There, we can see that a governor has figured out that if you begin to lessen the chaos, the people will fill in the blanks and everyone will ultimately benefit - rich or poor. Some argue that this only happened because Fashola's party wants to illustrate the difference between their party and the ruling party, PDP. That being said, we all know that many other governors either do not care to make such changes or are incapable (weak). So how do we bridge that gap?

As for an enlightened public, again, I am with you wholeheartedly. After all, we blog to inform readers, shebi? But, how do we reach those who have no electricity to read our blogs or read more independent online publications? How do we reach those who couldn't even be bothered to get political because it just does not pay off for them in their daily life? These are the questions I am seeking answers to. Forgive me for unleashing all of them at you, but I know you, and everyone else, is up to the challenge. So, make una begin yarn...

@ Sisi catwalq:, madam, long time no see. I need to challenge you to go further with your comment to Imnakoya as I am genuinely intrigued. If Western democracy is not practical for Nigeria, what would you recommend as an alternative? And why? Mind you, I am not criticizing your comment. I just think that it raises an interesting point, and I for one would love to discuss it further at this here blog.

Matter of fact, let me send you a message sef...


@ culturesoup AKA Baraal: Nigeria's Punishment Problem is definitely undermines the ability to transform Nigeria and entrench democracy.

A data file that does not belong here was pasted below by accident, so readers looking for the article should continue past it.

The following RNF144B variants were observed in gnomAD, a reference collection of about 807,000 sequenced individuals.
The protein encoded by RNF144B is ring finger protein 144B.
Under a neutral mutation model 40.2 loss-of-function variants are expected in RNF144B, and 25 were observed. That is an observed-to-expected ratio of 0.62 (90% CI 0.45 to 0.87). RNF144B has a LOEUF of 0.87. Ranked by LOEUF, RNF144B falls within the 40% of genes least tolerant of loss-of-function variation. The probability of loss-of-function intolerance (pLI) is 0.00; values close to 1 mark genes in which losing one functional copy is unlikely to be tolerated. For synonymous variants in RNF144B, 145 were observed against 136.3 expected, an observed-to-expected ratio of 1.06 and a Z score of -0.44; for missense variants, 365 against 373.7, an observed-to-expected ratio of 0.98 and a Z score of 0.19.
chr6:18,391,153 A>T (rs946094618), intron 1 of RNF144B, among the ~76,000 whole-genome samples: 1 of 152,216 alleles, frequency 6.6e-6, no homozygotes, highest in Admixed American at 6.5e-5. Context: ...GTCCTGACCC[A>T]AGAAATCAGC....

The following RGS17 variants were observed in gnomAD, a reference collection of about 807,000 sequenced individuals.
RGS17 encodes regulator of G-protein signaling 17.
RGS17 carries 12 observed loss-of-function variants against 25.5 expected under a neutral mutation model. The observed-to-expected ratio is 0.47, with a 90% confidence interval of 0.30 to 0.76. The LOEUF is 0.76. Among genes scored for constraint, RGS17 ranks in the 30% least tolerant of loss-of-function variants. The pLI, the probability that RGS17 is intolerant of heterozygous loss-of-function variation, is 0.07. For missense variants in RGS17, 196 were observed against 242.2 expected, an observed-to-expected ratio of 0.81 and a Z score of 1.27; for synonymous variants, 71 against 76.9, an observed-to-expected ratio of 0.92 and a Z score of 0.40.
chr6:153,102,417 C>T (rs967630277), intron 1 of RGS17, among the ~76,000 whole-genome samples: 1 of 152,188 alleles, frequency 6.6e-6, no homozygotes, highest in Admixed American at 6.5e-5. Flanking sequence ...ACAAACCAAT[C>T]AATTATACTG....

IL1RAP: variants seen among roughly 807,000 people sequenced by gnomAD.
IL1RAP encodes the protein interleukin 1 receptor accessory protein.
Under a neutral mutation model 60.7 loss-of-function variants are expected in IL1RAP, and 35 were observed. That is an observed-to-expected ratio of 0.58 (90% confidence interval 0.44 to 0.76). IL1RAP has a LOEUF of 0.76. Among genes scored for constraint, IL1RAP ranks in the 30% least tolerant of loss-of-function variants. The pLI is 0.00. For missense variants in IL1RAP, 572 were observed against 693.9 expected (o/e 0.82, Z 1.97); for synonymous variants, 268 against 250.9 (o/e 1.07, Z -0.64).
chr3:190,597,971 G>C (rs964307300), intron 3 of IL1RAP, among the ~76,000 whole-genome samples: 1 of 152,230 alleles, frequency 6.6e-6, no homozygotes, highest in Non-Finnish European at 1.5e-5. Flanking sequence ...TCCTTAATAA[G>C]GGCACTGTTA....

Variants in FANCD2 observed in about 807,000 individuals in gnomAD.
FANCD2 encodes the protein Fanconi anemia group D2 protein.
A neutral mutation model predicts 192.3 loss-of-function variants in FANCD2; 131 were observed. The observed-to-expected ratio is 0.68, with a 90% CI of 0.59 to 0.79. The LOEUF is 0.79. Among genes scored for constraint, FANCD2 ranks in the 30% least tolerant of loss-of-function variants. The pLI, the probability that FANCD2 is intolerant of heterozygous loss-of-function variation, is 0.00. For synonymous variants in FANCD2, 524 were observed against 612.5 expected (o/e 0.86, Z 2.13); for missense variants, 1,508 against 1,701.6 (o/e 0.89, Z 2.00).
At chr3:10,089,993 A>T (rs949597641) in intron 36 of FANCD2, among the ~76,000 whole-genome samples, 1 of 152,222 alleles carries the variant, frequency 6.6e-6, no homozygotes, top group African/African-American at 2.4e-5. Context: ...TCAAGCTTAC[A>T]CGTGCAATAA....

"Good governance doesn't mean that we never have any rogues in government but that we have a way to rein them in or get them out of office and that system is sorely lacking in Nigeria."That is so well said. In fact that should be the reader's quote of the week.

A lot of readers have been encouraging me to touch on the MP scandal in England and quite frankly, as much as i would like to, I try not to be too redundant with the material here. But, honestly, it could happen in Nigeria with serious focus and attention and definitely money. However, I do not have the money to push my agenda - a FREE NIGERIA.

Anyway, we shall get there. And can I just say that your post on Nigerian women is so on point. Will leave a comment very soon.

@ Danny: Exactly. The common person cannot ask those hard questions. they don't have the time or energy, some of them. This is not to suggest that ordinary poor people have not managed to revolutionize the world, we all know it would be foolhardy to make that assertion.

nevertheless, I continue to wonder how we get to the point where those who have absolutely nothing, and as such, nothing to lose, will realize that their sheer numbers is enough to demand that things improve. I just hope it happens peacefully, and that it happens soon. Thanks so much for participating in this conversation.

@ Unkulu Beauty: (I don't know why I like saying that, but I do, lol!)